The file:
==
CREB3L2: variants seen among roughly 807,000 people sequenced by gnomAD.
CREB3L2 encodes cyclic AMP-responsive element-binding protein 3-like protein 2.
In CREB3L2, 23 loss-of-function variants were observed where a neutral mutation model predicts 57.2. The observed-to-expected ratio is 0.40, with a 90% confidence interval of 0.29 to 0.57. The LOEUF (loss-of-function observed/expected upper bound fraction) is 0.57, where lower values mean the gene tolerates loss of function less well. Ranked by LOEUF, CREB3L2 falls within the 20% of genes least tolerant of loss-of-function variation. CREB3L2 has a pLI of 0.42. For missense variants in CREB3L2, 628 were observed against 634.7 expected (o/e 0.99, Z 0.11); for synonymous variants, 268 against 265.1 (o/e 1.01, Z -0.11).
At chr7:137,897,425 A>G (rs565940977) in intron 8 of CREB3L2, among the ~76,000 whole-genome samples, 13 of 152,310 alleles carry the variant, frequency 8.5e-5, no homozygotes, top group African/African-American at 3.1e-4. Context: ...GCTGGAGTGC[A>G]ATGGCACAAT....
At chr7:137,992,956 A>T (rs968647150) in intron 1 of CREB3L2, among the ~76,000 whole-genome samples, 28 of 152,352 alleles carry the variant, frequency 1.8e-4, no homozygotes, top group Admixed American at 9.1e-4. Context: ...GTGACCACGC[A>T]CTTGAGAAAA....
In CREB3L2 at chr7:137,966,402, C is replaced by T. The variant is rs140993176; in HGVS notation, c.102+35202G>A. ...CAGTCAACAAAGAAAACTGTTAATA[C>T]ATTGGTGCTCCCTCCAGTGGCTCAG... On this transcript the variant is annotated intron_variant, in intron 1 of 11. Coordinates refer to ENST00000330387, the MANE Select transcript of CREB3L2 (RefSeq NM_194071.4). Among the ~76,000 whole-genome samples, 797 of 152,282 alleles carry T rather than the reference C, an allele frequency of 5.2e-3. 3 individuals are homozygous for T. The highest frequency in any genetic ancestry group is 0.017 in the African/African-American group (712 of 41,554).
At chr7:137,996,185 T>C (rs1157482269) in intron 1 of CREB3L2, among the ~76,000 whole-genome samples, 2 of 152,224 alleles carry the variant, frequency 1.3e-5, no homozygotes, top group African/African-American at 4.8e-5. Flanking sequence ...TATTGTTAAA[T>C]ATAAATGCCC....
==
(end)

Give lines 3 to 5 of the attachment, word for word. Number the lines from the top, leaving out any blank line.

In CREB3L2, 23 loss-of-function variants were observed where a neutral mutation model predicts 57.2. The observed-to-expected ratio is 0.40, with a 90% confidence interval of 0.29 to 0.57. The LOEUF (loss-of-function observed/expected upper bound fraction) is 0.57, where lower values mean the gene tolerates loss of function less well. Ranked by LOEUF, CREB3L2 falls within the 20% of genes least tolerant of loss-of-function variation. CREB3L2 has a pLI of 0.42. For missense variants in CREB3L2, 628 were observed against 634.7 expected (o/e 0.99, Z 0.11); for synonymous variants, 268 against 265.1 (o/e 1.01, Z -0.11).
At chr7:137,897,425 A>G (rs565940977) in intron 8 of CREB3L2, among the ~76,000 whole-genome samples, 13 of 152,310 alleles carry the variant, frequency 8.5e-5, no homozygotes, top group African/African-American at 3.1e-4. Context: ...GCTGGAGTGC[A>G]ATGGCACAAT....
At chr7:137,992,956 A>T (rs968647150) in intron 1 of CREB3L2, among the ~76,000 whole-genome samples, 28 of 152,352 alleles carry the variant, frequency 1.8e-4, no homozygotes, top group Admixed American at 9.1e-4. Context: ...GTGACCACGC[A>T]CTTGAGAAAA....